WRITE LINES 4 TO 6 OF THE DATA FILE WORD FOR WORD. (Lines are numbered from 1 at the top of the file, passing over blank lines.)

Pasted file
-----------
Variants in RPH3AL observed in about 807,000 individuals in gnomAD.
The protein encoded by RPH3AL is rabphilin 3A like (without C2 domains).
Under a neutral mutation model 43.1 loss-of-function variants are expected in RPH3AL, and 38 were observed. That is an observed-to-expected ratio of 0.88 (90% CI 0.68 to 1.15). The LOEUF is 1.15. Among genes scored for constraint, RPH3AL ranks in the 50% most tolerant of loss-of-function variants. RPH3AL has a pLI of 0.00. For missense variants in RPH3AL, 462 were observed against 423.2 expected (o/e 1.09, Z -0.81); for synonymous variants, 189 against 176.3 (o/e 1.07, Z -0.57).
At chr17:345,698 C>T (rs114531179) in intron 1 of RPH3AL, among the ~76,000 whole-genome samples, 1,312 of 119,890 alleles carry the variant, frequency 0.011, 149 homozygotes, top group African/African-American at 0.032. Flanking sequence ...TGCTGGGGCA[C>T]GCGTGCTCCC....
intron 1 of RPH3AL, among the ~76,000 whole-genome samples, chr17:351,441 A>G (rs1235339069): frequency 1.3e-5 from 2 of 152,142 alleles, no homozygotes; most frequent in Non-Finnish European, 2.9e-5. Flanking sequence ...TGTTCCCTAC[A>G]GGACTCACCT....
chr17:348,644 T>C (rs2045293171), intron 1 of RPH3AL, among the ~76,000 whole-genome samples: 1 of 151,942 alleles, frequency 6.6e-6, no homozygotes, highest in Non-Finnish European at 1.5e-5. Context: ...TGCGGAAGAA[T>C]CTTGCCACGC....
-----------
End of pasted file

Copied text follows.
At chr17:345,698 C>T (rs114531179) in intron 1 of RPH3AL, among the ~76,000 whole-genome samples, 1,312 of 119,890 alleles carry the variant, frequency 0.011, 149 homozygotes, top group African/African-American at 0.032. Flanking sequence ...TGCTGGGGCA[C>T]GCGTGCTCCC....
intron 1 of RPH3AL, among the ~76,000 whole-genome samples, chr17:351,441 A>G (rs1235339069): frequency 1.3e-5 from 2 of 152,142 alleles, no homozygotes; most frequent in Non-Finnish European, 2.9e-5. Flanking sequence ...TGTTCCCTAC[A>G]GGACTCACCT....
chr17:348,644 T>C (rs2045293171), intron 1 of RPH3AL, among the ~76,000 whole-genome samples: 1 of 151,942 alleles, frequency 6.6e-6, no homozygotes, highest in Non-Finnish European at 1.5e-5. Context: ...TGCGGAAGAA[T>C]CTTGCCACGC....